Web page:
So, when she said to me, "Two more people are coming," instead of "Sure," or "No problem," or -- horrors! -- "Sorry," I felt moved to direct her gaze to one of the wall signs that designated the area for adults only. "Not to be nasty, BUT...." I said.

Still, nothing registered in this woman's countenance except for some kind of miffed annoyance. She moved not an inch. Her little kids, though, stopped getting dressed and became watchful, evidently feeling the tension. Poor things, it wasn't their fault their mother was a failure at the rudiments of social etiquette. 

Certain I wanted to avoid an all-out confrontation, I took a giant step around the mother, her brood and their mess and skipped off to fetch the Ruler of the Locker Room, a sassy, super-competant salt 'n pepper-haired JCC staffer who is regarded as a cross between an oracle, a goddess, a beloved grandmother and a celebrity for her sometimes caustic yet invariably wise, no-nonsense approach to, well, everything. 

Fortunately, she was seated at the welcome desk.

As I explained the scenario, she rose from her seat. "They still there?" she asked me, heading for the locker room, but not before retrieving a moving coat rack from the clutches of a three-year-old boy whose mother or nanny was texting madly (again the texting!!!) on a nearby bench. As she entered the locker room, she turned to give me a look.

It said, "We're in this together, kid."

It meant, "Someone's gotta enforce the rules."

It allowed me to let go, if only for a moment, of my on-going irritation at the unbearable entitlement I encounter daily -- in the locker room of an Upper West Side community center, in stores, in restaurants, on public transportation and private events alike --  that is exhibited by parents who behave as if they and their off-spring were the absolute epicenter of a universe presided over by the God of Extreme and Utter Selfishness, Moral Myopia and Rude Disregard of Others, Especially Old Ladies Shivering in Towels.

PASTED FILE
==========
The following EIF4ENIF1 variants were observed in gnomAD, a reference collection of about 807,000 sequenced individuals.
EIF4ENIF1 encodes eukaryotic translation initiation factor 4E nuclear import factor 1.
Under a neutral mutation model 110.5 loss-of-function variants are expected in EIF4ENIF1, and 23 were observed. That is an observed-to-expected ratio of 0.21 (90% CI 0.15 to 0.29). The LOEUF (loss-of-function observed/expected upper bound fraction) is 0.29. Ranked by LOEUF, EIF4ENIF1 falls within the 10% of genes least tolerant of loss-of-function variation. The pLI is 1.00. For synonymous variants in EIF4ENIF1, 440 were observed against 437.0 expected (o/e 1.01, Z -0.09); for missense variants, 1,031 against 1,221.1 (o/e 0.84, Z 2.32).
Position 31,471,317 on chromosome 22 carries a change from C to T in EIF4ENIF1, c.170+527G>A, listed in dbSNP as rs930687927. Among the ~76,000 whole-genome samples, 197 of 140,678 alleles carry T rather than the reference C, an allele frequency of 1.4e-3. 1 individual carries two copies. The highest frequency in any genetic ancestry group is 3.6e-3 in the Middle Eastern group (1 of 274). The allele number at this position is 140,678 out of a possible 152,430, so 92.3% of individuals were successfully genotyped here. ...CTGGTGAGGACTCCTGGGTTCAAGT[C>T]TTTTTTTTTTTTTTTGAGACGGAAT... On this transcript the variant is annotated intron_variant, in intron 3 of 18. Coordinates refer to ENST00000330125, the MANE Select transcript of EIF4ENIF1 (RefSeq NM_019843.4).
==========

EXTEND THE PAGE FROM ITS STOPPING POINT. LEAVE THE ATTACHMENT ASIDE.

Saturday, February 11, 2012

Loco Parentis: Or How An Entire Generation of American Day School Parents Lost Their Minds and Sent Their Kids to Wacked-Out, Right-Wing, Repressive and Otherwise Insane Israeli Yeshivot

This afternoon, I was utterly mesmerized by Gary Rosenblatt's column in the recent issue of the New York Jewish Week.

Entitled, "Lessons from the Rav Bina Story" it was a follow-up piece to an article that appeared two weeks earlier, co-authored by Rosenblatt and Yedidya Gorsetman, a Yeshiva University senior and the younger brother of my friend Atara. The two presented a disturbing portrait of the charismatic but highly controversial Rav Aharon Bina, the head or rosh hayeshiva of Netiv Aryeh, a popular boys Orthodox yeshiva in Jerusalem's Old City, endorsed by many important Jewish institutions, including Yeshiva University. Netiv Aryeh is one of many Israeli yeshivot where Jewish high school graduates spend a year (or two) before starting college. The trend to send one's son or daughter to Israel before college has grown dramatically over the past two decades, becoming something akin to a religious obligation, a badge of allegiance to Jewish peoplehood, a way for parents to inoculate their nice Jewish offspring against the Sodom and Gemorrah of the American college campus...or so they think.

Returning to Rav Bina, the issue raised by Rosenblatt and Gorsetman in their well-researched article is his, um, unorthodox approach to education and discipline:
Supporters call it “tough love”; critics call it abuse.